Vegetation Management – Using the Mis-Match Cut to Free Hung or Snagged Trees on Power lines.

During and following severe storm events there is often a need to cut trees, remove large limbs and other debris off the power lines in order to begin the power restoration process. This work is often performed during the storm event or in conditions that are challenging due to weather, darkness and other factors. It is a known fact that working with a chainsaw is one of the most dangerous work procedures any worker can face, compound this with inclement weather and darkness and there is a potential for serious worker injury to occur.   

 Often the workers called on to perform these tasks are power linemen who may have received little specialized training in the skills needed to ensure their safety while working in these situations. Some time ago, while I was providing some basic chainsaw training for a utility client, I asked the student/lineman when they most likely used a chainsaw. Their answer was during or after storms to clear the lines in order to restore the power service. I knew the training we were there to provide did not cover this aspect of tree cutting and as a result, we developed and delivered a specialized curriculum to help lineman meet these challenges safely and efficiently.   

 Since then we have refined and developed techniques that help linemen cut trees and remove branches and debris from power lines. The most common risk that lineman take when cutting trees from the line is that they are typically standing too close to the cut, the line and the tree part when it is released. The review of logging accidents and fatalities indicate that when a cutter is within five feet of where the cutting and release takes place 90% of the accidents and fatalities occur.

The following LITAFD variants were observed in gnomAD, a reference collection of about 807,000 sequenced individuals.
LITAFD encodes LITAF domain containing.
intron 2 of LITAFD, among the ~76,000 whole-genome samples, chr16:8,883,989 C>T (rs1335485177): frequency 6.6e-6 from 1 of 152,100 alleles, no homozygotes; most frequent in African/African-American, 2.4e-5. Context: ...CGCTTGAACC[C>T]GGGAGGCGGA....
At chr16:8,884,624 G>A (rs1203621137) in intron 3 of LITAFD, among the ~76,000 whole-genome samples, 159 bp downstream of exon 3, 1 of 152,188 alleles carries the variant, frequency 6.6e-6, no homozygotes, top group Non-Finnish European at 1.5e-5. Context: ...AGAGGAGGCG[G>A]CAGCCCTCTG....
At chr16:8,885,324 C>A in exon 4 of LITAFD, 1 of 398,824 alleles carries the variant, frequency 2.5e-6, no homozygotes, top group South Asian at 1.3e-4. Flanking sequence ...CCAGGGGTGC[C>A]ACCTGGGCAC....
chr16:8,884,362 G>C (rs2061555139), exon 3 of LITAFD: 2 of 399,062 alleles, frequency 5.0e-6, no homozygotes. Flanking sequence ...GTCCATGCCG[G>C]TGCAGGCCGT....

It was with this in mind that we teach linemen how to use cutting techniques that allow the worker to be at a safe distance away when branches or trees are released. We can teach these techniques by using simple equipment already available and familiar to lineman. It is important that a lineman understand the severity of risk that exists when they are cutting trees hung on power systems.  Linemen already clearly understand the threat of electrocution.  It is the reactive forces of the chainsaw and trees that is most often not a part of the curriculum of most utility apprenticeship programs.   

 Training that teaches the correct techniques for basic tree cutting is necessary for linemen who cut trees on or near the power system during or after storm events in order to support and document due diligence for their occupational health and safety protocols. Documented training and qualification in techniques that provide options that can accommodate a variety of situations or scenarios addresses the problem and ensures diligence. In many cases linemen perform this work based on trial and error and the younger workers rely heavily and often solely on the experience of the seasoned journeyman lineman who often have learned the lessons the hard way. This leaves everyone exposed and at risk for a preventable and negligent inevitability.  If you have linemen or workers who perform these tasks, be sure that documentation of training and records exist that show your organization addresses the specialty situations posed by trees, tops or large limbs hung on the power lines.